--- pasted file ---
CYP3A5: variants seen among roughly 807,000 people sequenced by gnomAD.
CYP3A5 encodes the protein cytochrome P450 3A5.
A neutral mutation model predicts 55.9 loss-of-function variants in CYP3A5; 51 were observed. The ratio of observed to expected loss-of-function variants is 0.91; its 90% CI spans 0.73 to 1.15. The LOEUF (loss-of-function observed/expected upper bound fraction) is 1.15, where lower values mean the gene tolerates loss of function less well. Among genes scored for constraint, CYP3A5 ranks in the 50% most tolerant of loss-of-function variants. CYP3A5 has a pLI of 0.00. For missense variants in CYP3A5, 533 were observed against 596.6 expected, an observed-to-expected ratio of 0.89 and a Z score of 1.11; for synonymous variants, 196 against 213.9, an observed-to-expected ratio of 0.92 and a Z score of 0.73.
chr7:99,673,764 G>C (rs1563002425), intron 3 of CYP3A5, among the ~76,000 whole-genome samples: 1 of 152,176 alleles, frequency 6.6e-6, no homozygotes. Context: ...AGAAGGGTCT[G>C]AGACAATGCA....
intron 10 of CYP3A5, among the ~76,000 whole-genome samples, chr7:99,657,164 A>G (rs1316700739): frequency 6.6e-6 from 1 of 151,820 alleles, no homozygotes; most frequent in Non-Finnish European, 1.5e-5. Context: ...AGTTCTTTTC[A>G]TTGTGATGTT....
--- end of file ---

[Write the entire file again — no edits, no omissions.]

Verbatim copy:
CYP3A5: variants seen among roughly 807,000 people sequenced by gnomAD.
CYP3A5 encodes the protein cytochrome P450 3A5.
A neutral mutation model predicts 55.9 loss-of-function variants in CYP3A5; 51 were observed. The ratio of observed to expected loss-of-function variants is 0.91; its 90% CI spans 0.73 to 1.15. The LOEUF (loss-of-function observed/expected upper bound fraction) is 1.15, where lower values mean the gene tolerates loss of function less well. Among genes scored for constraint, CYP3A5 ranks in the 50% most tolerant of loss-of-function variants. CYP3A5 has a pLI of 0.00. For missense variants in CYP3A5, 533 were observed against 596.6 expected, an observed-to-expected ratio of 0.89 and a Z score of 1.11; for synonymous variants, 196 against 213.9, an observed-to-expected ratio of 0.92 and a Z score of 0.73.
chr7:99,673,764 G>C (rs1563002425), intron 3 of CYP3A5, among the ~76,000 whole-genome samples: 1 of 152,176 alleles, frequency 6.6e-6, no homozygotes. Context: ...AGAAGGGTCT[G>C]AGACAATGCA....
intron 10 of CYP3A5, among the ~76,000 whole-genome samples, chr7:99,657,164 A>G (rs1316700739): frequency 6.6e-6 from 1 of 151,820 alleles, no homozygotes; most frequent in Non-Finnish European, 1.5e-5. Context: ...AGTTCTTTTC[A>G]TTGTGATGTT....